Thursday, January 25, 2007

Jesus Camp

This is inherently difficult to review. Like any controversial documentary, if you agree with it, you love it, and if you don't, you hate it. I'll come right out at the beginning and say that I agree with it.
Heidi Ewing and Rachel Grady were at the helm for this movie. They are the duo responsible for 2005's amazing documentary "The Boys of Baraka". For this outting their target is the Evangelical religious groups in America. The vast majority focuses on a religious camp run by Becky Fischer. She is fanatical about her religious passion, which is shown not only during her preaching, but also by the exhaustion she clearly suffers running this camp. The film also focuses on several youngsters who attend this camp, and who are as equally fanatical as she is. First is Levi, a devoted pre-teen who is actually a skilled orator practiced in preaching. If he is this impressive at this age, he could be very powerful when he gets older. Also featured is Tori, a little younger than Levi and extremely active. Many scenes involve her literally bouncing around the screen, her mouth running a mile a minute- just as a child her age should be acting. This normality ends, however, when she goes up to strangers on the street and tries to talk to them about Jesus.

Some of the scenes in this movie are very funny. but many are downright scary. There are clips of Fischer ranting to these children about how they are hypocrites and liars if they don't live their lives like the church says, and even how Harry Potter would have been put to death in the Bible. This kind of oratory scares me now, even on screen. I can't imagine how it would have affected me in person if I were 10 or 11. Perhaps most frightening of all where the scenes with a sea of children speaking in tongues, and following chants led by Fischer screaming, "This is war."

The movie could have left it alone with this case study, and it could be passed off as an isolated scenario. It goes on, however, to show meetings where these children are taught to praise president Bush because he "brings credibility to Christianity." Towards the end of the movie, preacher Ted Haggard says that the church has the power to decide any election. This may certainly have some validity to it. In the closing scenes a group from Fischer's camp, including Levi and Tori, go to Washington DC and start a Pro-Life rally. There's nothing inherently wrong with this. The problem arises when it's these children marching who probably don't fully understand the issues. I was surprised in one scene when Levi said that he was born again at age 5. He claimed that he had felt there was more out there for him, and he found that in Christianity. In my own personal editorializing of this, that's a wee bit early to making these conclusive decisions.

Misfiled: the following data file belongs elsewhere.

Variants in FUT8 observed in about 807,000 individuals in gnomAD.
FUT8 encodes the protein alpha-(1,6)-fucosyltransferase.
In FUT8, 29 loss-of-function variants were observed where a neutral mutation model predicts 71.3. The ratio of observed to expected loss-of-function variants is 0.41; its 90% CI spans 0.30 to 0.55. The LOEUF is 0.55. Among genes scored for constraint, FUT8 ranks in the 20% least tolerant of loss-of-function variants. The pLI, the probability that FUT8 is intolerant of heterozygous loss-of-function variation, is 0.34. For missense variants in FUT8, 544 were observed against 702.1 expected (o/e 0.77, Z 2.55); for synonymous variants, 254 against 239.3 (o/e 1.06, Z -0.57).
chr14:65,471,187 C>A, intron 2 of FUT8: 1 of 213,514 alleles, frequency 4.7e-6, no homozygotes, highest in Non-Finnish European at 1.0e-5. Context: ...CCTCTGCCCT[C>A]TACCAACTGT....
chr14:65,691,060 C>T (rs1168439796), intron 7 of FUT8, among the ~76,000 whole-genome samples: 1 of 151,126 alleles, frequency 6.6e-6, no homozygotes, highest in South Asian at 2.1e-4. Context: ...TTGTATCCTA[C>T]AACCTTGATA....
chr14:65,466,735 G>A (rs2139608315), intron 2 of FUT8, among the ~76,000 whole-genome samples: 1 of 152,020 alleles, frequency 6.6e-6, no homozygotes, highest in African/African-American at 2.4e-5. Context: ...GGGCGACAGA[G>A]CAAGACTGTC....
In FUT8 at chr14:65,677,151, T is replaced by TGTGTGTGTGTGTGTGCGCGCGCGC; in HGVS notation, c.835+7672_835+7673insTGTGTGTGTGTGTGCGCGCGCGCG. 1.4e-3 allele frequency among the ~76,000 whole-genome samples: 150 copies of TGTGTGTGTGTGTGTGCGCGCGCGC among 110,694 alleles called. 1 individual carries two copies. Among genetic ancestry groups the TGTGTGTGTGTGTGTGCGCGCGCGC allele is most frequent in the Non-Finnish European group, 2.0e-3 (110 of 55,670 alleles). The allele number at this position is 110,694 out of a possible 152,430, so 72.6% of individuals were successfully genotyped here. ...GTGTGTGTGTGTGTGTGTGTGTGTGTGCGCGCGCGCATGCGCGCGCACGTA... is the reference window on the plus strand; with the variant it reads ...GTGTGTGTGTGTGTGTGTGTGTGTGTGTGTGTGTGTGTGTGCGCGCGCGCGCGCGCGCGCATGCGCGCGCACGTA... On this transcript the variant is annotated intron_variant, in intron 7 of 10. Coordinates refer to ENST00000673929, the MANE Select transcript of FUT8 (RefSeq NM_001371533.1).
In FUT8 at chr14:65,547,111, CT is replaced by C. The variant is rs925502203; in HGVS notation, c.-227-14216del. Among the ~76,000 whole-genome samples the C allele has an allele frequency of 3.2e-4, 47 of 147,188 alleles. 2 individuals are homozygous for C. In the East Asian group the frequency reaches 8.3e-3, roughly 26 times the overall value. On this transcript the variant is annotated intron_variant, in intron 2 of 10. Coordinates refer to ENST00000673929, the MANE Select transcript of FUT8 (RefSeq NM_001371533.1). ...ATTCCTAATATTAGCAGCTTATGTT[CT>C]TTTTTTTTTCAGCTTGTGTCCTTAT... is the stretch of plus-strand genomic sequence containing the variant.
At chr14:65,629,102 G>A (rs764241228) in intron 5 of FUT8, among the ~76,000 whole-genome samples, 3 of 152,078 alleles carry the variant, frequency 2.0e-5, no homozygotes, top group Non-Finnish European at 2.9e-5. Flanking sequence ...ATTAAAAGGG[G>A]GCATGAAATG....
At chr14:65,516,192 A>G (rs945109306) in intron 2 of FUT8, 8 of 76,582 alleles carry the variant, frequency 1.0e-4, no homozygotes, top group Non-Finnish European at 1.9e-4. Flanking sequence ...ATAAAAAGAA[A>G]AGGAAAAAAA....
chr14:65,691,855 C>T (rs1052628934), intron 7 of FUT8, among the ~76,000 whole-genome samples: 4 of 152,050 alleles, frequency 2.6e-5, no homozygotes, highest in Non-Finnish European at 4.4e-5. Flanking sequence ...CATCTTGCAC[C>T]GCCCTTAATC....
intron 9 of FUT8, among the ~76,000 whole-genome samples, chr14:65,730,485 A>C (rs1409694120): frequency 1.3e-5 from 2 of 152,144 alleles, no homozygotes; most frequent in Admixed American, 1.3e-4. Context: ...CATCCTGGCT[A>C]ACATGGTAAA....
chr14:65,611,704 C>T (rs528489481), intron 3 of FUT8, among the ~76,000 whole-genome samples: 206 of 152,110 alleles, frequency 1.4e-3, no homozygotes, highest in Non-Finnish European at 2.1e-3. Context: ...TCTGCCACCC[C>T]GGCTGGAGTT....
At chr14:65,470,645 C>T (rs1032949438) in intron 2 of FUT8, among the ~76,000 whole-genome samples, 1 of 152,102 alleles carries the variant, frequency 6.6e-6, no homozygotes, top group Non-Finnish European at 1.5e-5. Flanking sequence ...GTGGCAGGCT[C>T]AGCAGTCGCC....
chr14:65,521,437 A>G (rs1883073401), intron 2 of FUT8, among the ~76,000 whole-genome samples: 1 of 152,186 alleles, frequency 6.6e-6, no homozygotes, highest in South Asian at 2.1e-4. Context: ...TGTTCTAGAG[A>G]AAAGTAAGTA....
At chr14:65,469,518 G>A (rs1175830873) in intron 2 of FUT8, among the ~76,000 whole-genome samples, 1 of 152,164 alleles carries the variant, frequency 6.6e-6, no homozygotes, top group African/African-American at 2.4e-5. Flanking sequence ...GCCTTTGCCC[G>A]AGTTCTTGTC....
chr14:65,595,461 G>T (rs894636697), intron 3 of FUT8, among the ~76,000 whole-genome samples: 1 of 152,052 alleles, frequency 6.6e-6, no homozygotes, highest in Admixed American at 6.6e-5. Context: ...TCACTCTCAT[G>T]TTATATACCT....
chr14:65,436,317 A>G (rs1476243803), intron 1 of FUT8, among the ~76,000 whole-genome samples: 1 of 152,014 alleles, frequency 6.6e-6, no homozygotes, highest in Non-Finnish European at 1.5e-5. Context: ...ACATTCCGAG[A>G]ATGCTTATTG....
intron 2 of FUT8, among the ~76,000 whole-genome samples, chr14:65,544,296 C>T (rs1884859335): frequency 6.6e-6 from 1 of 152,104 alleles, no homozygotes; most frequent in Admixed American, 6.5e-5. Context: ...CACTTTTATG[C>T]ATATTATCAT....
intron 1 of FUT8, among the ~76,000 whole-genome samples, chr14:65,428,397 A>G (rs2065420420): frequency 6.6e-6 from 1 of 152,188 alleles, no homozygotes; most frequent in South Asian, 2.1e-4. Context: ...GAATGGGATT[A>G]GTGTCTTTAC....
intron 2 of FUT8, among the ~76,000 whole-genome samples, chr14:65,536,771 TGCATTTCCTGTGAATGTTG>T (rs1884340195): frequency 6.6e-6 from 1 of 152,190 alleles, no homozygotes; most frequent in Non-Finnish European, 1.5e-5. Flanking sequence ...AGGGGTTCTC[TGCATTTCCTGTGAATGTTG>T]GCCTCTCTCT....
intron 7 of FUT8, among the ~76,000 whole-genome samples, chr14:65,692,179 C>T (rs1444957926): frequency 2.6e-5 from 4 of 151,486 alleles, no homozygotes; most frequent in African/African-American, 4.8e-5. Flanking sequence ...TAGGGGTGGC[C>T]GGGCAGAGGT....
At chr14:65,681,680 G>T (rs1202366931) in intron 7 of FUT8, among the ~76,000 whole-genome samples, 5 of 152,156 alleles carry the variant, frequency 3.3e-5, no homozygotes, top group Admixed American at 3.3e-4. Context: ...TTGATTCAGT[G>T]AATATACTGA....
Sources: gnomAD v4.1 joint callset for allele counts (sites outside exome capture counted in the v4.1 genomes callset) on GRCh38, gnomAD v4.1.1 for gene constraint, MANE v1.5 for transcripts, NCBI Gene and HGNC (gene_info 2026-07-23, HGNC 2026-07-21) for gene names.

The strongest aspect of this movie for me, is that despite its obvious agenda, it never comes out and states it. There is only one person interviewed in the film that disagrees with Evangelicals. This is Mike Papantonio, a radio commentator, and a religious man himself. Other than him, all that is shown is footage and interviews with the subjects of the camp. This is a powerful method, and incredibly hard to pull off. Essentially, these people simply showing what it is they do, is supposed to seem so outrageous as to alienate the audience without any commentary even needed. Ewing and Grady pull this off.

Despite how powerful this movie was, there was quite a bit of repetition. Shot after shot of the children praying, and crying grew a little tiresome. It's clear these were including to beef up the length, as it has a scant hour and twenty five minute running time. Also, much like this review, it jumped around quite a bit. It seemed to be mostly in chronological order, but there were many other scenes scattered throughout with no clear time frame. This is most likely due to the lack of a narrator to tie everything together.

On a whole I found this movie very powerful. In the theater there was alternating laughter and audible gasps of shock. I saw this in a rather liberal town, so that reaction did not catch me by surprise. Basically it boils down to your feelings on this issue. Like any movie of this type "Fahrenheit 9/11", "Outfoxed", etc, if you agree, you like it, if you disagree, you don't. I agreed, and I liked it.


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